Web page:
I’ve been bullish on Europe and that has worked out. I’ve particularly liked Spain (EWP) and Italy (EWI). Raise your hand if you ever thought of investing in Spain and Italy. The European bank sector should also benefit from the inevitable end to negative interest rates and QE in Europe at some point in the 2nd half of 2017 and into 2018. Within EWP and EWI includes the largest Spanish and Italian banks that have had a tough go and would benefit from an end to ECB extremism. France remains intriguing with the political earthquake that Emmanuel Macron and his wide support now in Parliament as a business friendly attitude in a the heart of a welfare state might be game changing. Make France Great Again! I am making a change in recommendation however with my positive view on European stocks. I recommend selling half your position. A rise in European interest rates in response to a change in ECB policy is a major risk to stock prices and European stocks won’t be immune.
The action in gold and silver continues to be frustrating as they vacillate between the benefits of a weak dollar, very low real rates and central bankers that are losing credibility on one hand and the fears of some that higher rates and the tightening of monetary policy will be a headwind for something that yields nothing on the other. I remain bullish as I see where all this is going. Central bankers will tighten us right into the next recession and will quickly halt and then reverse the process. That is when gold and silver really explodes higher. In the last 13 rate hike cycles by the Fed since WWII, 10 put us into a recession. The gold idea can be played via PHYS, SLV and the miner etf GDX. As for the individual miners, I like GG, AEM and NGD in particular. If I am correct that a bull market in precious metals is now getting into gear, I expect them to take out the 2011 highs in the few years to come. That’s what bull markets do.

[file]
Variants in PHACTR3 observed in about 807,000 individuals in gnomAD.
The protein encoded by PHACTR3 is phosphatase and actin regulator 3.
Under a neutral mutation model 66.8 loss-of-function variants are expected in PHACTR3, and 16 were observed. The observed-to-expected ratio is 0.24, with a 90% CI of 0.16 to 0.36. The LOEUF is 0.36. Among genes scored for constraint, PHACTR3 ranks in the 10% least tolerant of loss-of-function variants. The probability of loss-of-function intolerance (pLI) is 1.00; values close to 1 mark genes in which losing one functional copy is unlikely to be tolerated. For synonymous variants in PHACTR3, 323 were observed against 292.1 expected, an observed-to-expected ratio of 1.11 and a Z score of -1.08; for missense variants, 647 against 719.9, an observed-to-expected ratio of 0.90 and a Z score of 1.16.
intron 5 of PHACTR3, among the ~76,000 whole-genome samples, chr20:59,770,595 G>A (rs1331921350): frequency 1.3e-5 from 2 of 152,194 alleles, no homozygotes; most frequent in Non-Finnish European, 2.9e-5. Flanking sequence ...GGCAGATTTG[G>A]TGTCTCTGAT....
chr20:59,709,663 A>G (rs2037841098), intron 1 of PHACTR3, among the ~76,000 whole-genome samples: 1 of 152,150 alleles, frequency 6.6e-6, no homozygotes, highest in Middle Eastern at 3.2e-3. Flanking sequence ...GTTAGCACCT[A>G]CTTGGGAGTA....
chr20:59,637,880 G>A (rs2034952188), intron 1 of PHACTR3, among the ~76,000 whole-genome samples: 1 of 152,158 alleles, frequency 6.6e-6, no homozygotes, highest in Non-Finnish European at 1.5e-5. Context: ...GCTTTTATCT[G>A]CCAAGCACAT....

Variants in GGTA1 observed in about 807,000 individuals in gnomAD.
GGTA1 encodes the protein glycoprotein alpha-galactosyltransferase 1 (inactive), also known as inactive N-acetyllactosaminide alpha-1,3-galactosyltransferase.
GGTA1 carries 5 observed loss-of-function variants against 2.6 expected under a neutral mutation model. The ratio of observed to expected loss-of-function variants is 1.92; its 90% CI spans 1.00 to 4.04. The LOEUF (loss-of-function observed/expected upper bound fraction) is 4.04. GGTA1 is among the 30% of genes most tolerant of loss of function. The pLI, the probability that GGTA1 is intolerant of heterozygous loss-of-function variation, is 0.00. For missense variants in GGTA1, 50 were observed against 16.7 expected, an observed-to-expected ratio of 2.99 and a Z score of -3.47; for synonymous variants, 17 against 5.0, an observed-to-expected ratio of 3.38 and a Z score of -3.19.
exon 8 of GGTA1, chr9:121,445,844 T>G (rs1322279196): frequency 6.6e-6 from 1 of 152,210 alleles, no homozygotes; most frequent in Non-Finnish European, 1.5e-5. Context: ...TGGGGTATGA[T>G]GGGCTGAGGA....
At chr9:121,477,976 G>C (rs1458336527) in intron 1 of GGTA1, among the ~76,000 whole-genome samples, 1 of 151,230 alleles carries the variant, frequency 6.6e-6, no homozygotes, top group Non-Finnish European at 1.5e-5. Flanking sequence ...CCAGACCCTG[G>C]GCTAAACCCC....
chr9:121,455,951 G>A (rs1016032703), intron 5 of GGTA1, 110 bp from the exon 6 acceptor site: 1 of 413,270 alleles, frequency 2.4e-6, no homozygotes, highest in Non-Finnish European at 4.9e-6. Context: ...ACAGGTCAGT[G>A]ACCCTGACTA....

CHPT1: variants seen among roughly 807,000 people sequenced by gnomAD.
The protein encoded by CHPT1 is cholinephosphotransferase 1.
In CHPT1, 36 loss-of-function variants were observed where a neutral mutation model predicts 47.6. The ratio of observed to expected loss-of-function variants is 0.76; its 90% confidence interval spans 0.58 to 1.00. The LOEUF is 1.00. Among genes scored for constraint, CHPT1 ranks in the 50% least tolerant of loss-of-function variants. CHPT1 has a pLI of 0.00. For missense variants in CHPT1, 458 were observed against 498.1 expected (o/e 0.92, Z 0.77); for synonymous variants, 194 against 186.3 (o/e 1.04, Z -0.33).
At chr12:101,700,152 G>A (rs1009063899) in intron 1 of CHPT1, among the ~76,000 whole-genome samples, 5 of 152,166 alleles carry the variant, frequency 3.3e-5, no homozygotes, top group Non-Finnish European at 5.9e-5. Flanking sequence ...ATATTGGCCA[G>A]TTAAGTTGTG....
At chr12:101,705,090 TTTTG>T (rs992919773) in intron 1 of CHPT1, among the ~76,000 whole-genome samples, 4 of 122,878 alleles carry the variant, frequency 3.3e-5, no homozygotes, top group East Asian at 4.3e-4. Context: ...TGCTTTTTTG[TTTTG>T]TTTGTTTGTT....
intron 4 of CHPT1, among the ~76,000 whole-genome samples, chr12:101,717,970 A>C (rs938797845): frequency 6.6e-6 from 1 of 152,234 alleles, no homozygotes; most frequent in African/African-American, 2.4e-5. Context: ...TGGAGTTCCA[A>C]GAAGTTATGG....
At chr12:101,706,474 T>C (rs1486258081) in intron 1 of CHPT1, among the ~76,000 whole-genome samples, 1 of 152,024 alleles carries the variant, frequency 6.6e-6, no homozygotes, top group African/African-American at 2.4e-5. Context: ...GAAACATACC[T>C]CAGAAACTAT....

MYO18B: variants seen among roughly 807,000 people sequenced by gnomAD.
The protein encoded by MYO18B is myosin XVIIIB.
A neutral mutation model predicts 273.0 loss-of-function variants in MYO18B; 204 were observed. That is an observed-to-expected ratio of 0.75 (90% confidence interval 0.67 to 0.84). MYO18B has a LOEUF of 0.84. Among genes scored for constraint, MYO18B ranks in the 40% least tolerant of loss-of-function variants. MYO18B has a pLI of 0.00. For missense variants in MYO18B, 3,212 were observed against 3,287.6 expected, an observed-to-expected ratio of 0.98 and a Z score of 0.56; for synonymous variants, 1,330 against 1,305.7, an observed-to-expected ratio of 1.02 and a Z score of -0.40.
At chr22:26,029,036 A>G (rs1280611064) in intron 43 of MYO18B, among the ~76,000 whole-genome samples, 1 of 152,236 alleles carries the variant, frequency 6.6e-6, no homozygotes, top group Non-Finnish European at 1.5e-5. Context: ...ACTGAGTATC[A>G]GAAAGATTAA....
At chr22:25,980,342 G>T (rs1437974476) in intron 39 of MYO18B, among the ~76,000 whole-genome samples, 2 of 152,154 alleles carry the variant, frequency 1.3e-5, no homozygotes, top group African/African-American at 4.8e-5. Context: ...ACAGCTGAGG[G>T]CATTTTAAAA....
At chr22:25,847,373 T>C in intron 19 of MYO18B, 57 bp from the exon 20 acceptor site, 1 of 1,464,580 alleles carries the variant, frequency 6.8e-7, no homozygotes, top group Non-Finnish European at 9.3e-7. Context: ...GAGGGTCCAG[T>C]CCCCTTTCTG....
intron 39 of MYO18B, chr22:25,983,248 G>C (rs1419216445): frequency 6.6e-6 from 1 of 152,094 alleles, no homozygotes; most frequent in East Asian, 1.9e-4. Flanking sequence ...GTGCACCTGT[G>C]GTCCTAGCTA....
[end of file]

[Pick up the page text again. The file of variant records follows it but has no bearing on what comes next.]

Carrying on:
I continue to like agriculture and am playing it via POT, MOS and the broader MOO. We’ve seen possibly a trend change in agriculture prices, particularly wheat, corn and soybeans. Over the past few weeks prices have spiked, especially in wheat due to dry weather but also there is a historically low level of acreage dedicated to wheat. The CRB food price index is on the cusp of breaking out to a multi year high. Now it’s too early to say if we are seeing the beginning of the next bull market after 6 years of a bear but pieces are falling into place. The global demand for food is on a perpetual rise so it’s always the supply side that helps to drive prices. Also, ending stocks have fallen recently as demand is beginning to ‘eat’ into the supply of robust harvests seen over the past 5 years.